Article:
Saturday, January 22, 2011

Joule Unlimited Scores Loads of Free Publicity!

A synthetic biofuels company from Massachusetts called "Joule Unlimited" has managed to score tons of free publicity in newspapers, blogs, and news services -- without doing much at all! This is public relations at its finest, and the PR people at Joule have to be congratulated.

Joule is involved in the synthetic genomics of cyanobacteria -- having obtained patents to engineer the production of hydrocarbon fuels from bacteria using CO2 and sunlight. But in the news business, most journalists are always asking a potential news focus: "What have you done for me lately?" And in the case of Joule, the answer is "Not much at all."

It all started when the Globe & Mail had a story on Joule a few days ago which erroneously claimed that Joule's miracle bacterium was E. Coli -- after several people notified the paper of their error, they finally corrected it. But not before scores of blogs and other news sources repeated the G&M mistake verbatim. But the Globe & Mail story was about something that happened -- a patent approval -- in September 2010. So why did it take off in January 2011?

A respectable fusion energy forum -- Talk Polywell -- picked the story up, and it then spread. Respected blogger and engineer M. Simon picked up the story from Talk Polywell. Then Instapundit's Glenn Reynolds picked up the story from M. Simon. And from there the story spreads across the blogosphere...

But what has Joule Unlimited actually done lately to merit this new publicity?

Well, they elected John Podesta to their board of directors.

They somehow got dufus Senator John Kerry to call Joule's technology "a game changer."

Then, way back in September 2010 Joule is awarded a patent on its technology

Al Fin analysts can be heard muttering: "Not much progress for all of that free publicity."

Microbial bioenergy is indeed a game changer. But Joule Unlimited is only one of many fine companies with very fine research and development staffs who are working hard to bring large scale microbial fuels to reality. How did Joule's PR department trigger this isolated inflationary bubble of "news?"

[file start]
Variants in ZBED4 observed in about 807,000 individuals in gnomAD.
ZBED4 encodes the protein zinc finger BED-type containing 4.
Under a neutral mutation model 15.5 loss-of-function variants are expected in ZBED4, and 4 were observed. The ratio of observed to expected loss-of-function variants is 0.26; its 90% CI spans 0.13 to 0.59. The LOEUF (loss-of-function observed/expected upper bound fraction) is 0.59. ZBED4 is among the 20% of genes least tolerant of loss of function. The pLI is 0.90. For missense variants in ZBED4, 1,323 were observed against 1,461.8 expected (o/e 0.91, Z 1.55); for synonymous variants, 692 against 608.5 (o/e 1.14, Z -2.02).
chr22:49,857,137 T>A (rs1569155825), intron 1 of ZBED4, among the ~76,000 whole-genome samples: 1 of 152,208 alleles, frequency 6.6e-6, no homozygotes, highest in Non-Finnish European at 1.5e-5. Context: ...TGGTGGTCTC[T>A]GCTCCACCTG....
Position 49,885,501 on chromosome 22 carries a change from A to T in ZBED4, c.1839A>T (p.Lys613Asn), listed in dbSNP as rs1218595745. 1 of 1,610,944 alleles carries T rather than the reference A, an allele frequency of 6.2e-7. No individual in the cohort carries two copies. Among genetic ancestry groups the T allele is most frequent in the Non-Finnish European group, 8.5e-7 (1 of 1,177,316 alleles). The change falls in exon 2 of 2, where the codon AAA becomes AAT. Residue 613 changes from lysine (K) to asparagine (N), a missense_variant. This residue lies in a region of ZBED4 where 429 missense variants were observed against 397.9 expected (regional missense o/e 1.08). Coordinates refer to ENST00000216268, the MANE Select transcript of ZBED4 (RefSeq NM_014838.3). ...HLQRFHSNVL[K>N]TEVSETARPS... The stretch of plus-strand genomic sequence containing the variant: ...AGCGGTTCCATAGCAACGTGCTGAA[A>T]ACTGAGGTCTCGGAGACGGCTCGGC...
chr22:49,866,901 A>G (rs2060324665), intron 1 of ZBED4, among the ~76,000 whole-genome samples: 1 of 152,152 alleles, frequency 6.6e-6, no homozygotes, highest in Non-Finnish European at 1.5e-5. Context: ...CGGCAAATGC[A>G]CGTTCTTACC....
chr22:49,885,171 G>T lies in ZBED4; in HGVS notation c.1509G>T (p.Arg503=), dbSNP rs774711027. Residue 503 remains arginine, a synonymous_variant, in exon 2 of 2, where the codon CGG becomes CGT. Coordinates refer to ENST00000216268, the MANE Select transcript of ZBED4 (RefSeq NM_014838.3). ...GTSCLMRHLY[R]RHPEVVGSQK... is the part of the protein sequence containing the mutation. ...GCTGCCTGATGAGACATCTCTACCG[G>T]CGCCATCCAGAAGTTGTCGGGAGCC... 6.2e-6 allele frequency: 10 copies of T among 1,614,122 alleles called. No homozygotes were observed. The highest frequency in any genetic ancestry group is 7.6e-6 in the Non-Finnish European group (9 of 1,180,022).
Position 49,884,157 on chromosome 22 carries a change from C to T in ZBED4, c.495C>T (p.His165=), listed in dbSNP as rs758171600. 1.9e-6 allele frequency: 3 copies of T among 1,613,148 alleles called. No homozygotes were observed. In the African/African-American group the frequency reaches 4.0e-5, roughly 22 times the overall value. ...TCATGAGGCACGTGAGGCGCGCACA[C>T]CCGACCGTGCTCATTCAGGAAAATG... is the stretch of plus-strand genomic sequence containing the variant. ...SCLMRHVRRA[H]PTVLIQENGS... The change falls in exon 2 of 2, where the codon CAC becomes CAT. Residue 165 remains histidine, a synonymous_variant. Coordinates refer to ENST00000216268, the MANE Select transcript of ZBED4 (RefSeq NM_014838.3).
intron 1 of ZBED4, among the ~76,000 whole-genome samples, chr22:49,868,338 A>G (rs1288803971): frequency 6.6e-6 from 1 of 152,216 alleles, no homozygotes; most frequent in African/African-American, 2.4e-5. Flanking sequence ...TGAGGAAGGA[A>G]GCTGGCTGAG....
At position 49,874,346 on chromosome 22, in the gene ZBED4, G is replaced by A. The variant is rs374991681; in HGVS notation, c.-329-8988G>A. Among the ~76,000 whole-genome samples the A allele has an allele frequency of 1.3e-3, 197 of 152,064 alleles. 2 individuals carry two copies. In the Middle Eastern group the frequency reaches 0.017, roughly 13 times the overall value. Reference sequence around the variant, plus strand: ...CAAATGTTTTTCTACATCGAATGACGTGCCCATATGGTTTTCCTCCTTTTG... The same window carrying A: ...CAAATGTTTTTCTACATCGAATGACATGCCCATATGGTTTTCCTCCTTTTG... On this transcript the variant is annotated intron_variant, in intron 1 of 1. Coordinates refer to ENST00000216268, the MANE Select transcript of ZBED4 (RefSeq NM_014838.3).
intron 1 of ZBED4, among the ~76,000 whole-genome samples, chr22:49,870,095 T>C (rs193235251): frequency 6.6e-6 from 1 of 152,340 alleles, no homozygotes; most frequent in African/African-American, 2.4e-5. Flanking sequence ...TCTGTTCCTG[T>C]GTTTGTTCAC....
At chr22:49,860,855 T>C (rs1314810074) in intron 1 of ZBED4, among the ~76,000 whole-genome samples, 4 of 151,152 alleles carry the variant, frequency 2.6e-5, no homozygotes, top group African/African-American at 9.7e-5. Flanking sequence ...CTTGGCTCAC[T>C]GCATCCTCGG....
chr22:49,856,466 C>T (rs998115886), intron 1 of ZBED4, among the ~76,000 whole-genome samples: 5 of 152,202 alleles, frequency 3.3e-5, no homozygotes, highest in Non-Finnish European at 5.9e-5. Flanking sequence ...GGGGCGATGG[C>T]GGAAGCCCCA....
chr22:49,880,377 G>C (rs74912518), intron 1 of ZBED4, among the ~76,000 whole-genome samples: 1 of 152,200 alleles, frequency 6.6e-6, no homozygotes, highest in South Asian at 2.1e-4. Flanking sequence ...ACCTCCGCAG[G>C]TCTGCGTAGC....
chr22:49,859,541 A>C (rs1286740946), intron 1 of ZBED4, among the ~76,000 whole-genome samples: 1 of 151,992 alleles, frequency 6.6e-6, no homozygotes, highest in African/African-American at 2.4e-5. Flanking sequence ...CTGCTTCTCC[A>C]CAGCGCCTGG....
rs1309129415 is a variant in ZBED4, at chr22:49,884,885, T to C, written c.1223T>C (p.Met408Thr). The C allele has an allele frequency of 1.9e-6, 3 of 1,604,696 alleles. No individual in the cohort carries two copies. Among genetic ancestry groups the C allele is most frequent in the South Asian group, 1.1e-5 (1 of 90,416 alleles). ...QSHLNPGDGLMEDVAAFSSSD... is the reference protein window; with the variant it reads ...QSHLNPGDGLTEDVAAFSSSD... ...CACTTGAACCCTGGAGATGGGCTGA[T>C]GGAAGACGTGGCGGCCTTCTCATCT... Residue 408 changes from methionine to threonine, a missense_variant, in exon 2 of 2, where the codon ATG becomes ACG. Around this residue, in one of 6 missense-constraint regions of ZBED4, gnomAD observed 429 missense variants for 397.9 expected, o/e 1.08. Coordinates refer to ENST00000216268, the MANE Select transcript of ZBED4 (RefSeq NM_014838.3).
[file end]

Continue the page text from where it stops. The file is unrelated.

Al Fin Energy Institute researchers are not complaining, mind you. Microbial fuels are set to be ready to start scaling up in roughly 10 years. In 20 years, microbial fuels will score at least 10% of the liquid fuels markets in advanced western countries. In 30 years, petroleum companies will be pushed to the wall to keep their costs down low enough to compete.

But premature ejaculations of gee whiz futurism can lead to wide-scale cynicism. In the case of microbial fuels, neither gee-whiz! optimism nor cynical pessimism are warranted. Synthetic genomics is pretty spectacular -- but it takes time to get results. Give it time.

Joule Unlimited patent applications

Proviso: In a fast-changing environment such as industrial synthetic genomics and synthetic fuels, breakthroughs can occur at any time. It is not always in a company's interest to reveal the state of its R&D progress. But all breakthroughs require time to develop into industrial processes, and much more time to scale up to actual commercial and industrial supply systems. As time goes on, we will hear about a lot of breakthroughs. Most of these newsreleases deserve to be taken with a tablespoon of magnesium sulfate and two glasses of water.

Update: Now Brian Wang has picked up the story at NextBigFuture. Brian featured the correct bacterial species in his posting and features some original material from the company's website -- proving once again that Brian's is the best of the technology blogs.

Watching this story getting picked up from site to site provides a dynamic portrait of blogospheric connections. In this case the Globe & Mail writer -- Neil Reynolds, who is one of my favourite mainstream press energy writers -- reported on a company that is no doubt doing some excellent work. But Reynolds was not actually reporting on recent news, he was merely highlighting ongoing work of one particular microbial fuels company. Just one out of many fine companies working on microbial fuels.

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